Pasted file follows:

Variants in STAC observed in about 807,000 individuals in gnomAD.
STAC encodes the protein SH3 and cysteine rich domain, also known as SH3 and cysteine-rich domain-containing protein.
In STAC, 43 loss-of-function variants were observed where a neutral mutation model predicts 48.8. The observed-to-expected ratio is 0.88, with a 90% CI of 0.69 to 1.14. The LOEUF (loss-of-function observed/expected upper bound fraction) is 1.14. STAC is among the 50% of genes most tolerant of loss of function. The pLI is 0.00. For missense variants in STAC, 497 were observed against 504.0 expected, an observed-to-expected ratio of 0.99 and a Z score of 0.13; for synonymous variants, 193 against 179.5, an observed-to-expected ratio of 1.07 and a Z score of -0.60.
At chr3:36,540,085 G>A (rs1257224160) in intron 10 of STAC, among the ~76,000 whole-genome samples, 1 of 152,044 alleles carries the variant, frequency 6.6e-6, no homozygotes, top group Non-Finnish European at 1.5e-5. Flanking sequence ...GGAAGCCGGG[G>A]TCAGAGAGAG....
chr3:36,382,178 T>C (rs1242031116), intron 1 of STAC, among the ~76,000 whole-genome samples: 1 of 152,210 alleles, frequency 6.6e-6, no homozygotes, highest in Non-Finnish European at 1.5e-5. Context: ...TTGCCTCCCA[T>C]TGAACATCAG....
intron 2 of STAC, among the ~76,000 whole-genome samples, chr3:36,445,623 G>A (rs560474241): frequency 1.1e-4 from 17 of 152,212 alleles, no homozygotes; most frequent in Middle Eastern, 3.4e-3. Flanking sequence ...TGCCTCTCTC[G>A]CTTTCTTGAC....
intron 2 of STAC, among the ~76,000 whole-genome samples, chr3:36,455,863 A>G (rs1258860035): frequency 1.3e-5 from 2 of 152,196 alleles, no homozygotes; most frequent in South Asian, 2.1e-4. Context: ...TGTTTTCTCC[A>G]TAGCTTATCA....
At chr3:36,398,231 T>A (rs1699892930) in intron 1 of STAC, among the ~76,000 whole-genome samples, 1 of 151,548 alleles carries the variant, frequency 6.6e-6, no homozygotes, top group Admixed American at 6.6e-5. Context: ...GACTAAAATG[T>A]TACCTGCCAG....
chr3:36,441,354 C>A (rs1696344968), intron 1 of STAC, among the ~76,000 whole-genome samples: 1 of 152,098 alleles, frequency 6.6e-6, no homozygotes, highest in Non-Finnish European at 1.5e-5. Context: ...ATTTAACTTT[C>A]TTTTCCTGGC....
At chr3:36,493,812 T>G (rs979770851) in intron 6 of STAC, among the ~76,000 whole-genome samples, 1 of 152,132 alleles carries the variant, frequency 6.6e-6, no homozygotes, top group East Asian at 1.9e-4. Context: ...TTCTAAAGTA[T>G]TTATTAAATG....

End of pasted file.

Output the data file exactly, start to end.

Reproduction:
Variants in STAC observed in about 807,000 individuals in gnomAD.
STAC encodes the protein SH3 and cysteine rich domain, also known as SH3 and cysteine-rich domain-containing protein.
In STAC, 43 loss-of-function variants were observed where a neutral mutation model predicts 48.8. The observed-to-expected ratio is 0.88, with a 90% CI of 0.69 to 1.14. The LOEUF (loss-of-function observed/expected upper bound fraction) is 1.14. STAC is among the 50% of genes most tolerant of loss of function. The pLI is 0.00. For missense variants in STAC, 497 were observed against 504.0 expected, an observed-to-expected ratio of 0.99 and a Z score of 0.13; for synonymous variants, 193 against 179.5, an observed-to-expected ratio of 1.07 and a Z score of -0.60.
At chr3:36,540,085 G>A (rs1257224160) in intron 10 of STAC, among the ~76,000 whole-genome samples, 1 of 152,044 alleles carries the variant, frequency 6.6e-6, no homozygotes, top group Non-Finnish European at 1.5e-5. Flanking sequence ...GGAAGCCGGG[G>A]TCAGAGAGAG....
chr3:36,382,178 T>C (rs1242031116), intron 1 of STAC, among the ~76,000 whole-genome samples: 1 of 152,210 alleles, frequency 6.6e-6, no homozygotes, highest in Non-Finnish European at 1.5e-5. Context: ...TTGCCTCCCA[T>C]TGAACATCAG....
intron 2 of STAC, among the ~76,000 whole-genome samples, chr3:36,445,623 G>A (rs560474241): frequency 1.1e-4 from 17 of 152,212 alleles, no homozygotes; most frequent in Middle Eastern, 3.4e-3. Flanking sequence ...TGCCTCTCTC[G>A]CTTTCTTGAC....
intron 2 of STAC, among the ~76,000 whole-genome samples, chr3:36,455,863 A>G (rs1258860035): frequency 1.3e-5 from 2 of 152,196 alleles, no homozygotes; most frequent in South Asian, 2.1e-4. Context: ...TGTTTTCTCC[A>G]TAGCTTATCA....
At chr3:36,398,231 T>A (rs1699892930) in intron 1 of STAC, among the ~76,000 whole-genome samples, 1 of 151,548 alleles carries the variant, frequency 6.6e-6, no homozygotes, top group Admixed American at 6.6e-5. Context: ...GACTAAAATG[T>A]TACCTGCCAG....
chr3:36,441,354 C>A (rs1696344968), intron 1 of STAC, among the ~76,000 whole-genome samples: 1 of 152,098 alleles, frequency 6.6e-6, no homozygotes, highest in Non-Finnish European at 1.5e-5. Context: ...ATTTAACTTT[C>A]TTTTCCTGGC....
At chr3:36,493,812 T>G (rs979770851) in intron 6 of STAC, among the ~76,000 whole-genome samples, 1 of 152,132 alleles carries the variant, frequency 6.6e-6, no homozygotes, top group East Asian at 1.9e-4. Context: ...TTCTAAAGTA[T>G]TTATTAAATG....